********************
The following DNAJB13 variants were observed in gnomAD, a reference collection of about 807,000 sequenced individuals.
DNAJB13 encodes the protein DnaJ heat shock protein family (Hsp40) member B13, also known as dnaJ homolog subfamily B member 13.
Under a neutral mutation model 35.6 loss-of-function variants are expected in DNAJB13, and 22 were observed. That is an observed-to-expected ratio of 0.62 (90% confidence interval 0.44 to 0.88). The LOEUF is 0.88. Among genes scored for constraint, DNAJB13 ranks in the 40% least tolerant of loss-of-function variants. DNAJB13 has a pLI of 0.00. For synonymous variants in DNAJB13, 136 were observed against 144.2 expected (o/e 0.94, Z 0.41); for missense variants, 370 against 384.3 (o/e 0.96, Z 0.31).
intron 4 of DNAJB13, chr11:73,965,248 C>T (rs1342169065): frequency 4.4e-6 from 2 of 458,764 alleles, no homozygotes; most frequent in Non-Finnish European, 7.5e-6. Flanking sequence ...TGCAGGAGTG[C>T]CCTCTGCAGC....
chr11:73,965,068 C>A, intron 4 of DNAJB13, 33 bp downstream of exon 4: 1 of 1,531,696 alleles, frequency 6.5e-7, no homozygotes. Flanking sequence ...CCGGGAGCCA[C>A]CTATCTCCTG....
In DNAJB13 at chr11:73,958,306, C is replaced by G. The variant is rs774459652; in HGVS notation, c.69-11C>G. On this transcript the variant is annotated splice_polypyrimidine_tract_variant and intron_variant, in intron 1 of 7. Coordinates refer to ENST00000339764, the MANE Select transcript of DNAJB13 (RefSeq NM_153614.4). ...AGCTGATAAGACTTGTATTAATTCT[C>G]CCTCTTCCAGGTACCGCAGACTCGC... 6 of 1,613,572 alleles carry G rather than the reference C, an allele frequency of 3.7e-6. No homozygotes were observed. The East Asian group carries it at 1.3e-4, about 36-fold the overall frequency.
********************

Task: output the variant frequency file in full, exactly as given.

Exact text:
The following DNAJB13 variants were observed in gnomAD, a reference collection of about 807,000 sequenced individuals.
DNAJB13 encodes the protein DnaJ heat shock protein family (Hsp40) member B13, also known as dnaJ homolog subfamily B member 13.
Under a neutral mutation model 35.6 loss-of-function variants are expected in DNAJB13, and 22 were observed. That is an observed-to-expected ratio of 0.62 (90% confidence interval 0.44 to 0.88). The LOEUF is 0.88. Among genes scored for constraint, DNAJB13 ranks in the 40% least tolerant of loss-of-function variants. DNAJB13 has a pLI of 0.00. For synonymous variants in DNAJB13, 136 were observed against 144.2 expected (o/e 0.94, Z 0.41); for missense variants, 370 against 384.3 (o/e 0.96, Z 0.31).
intron 4 of DNAJB13, chr11:73,965,248 C>T (rs1342169065): frequency 4.4e-6 from 2 of 458,764 alleles, no homozygotes; most frequent in Non-Finnish European, 7.5e-6. Flanking sequence ...TGCAGGAGTG[C>T]CCTCTGCAGC....
chr11:73,965,068 C>A, intron 4 of DNAJB13, 33 bp downstream of exon 4: 1 of 1,531,696 alleles, frequency 6.5e-7, no homozygotes. Flanking sequence ...CCGGGAGCCA[C>A]CTATCTCCTG....
In DNAJB13 at chr11:73,958,306, C is replaced by G. The variant is rs774459652; in HGVS notation, c.69-11C>G. On this transcript the variant is annotated splice_polypyrimidine_tract_variant and intron_variant, in intron 1 of 7. Coordinates refer to ENST00000339764, the MANE Select transcript of DNAJB13 (RefSeq NM_153614.4). ...AGCTGATAAGACTTGTATTAATTCT[C>G]CCTCTTCCAGGTACCGCAGACTCGC... 6 of 1,613,572 alleles carry G rather than the reference C, an allele frequency of 3.7e-6. No homozygotes were observed. The East Asian group carries it at 1.3e-4, about 36-fold the overall frequency.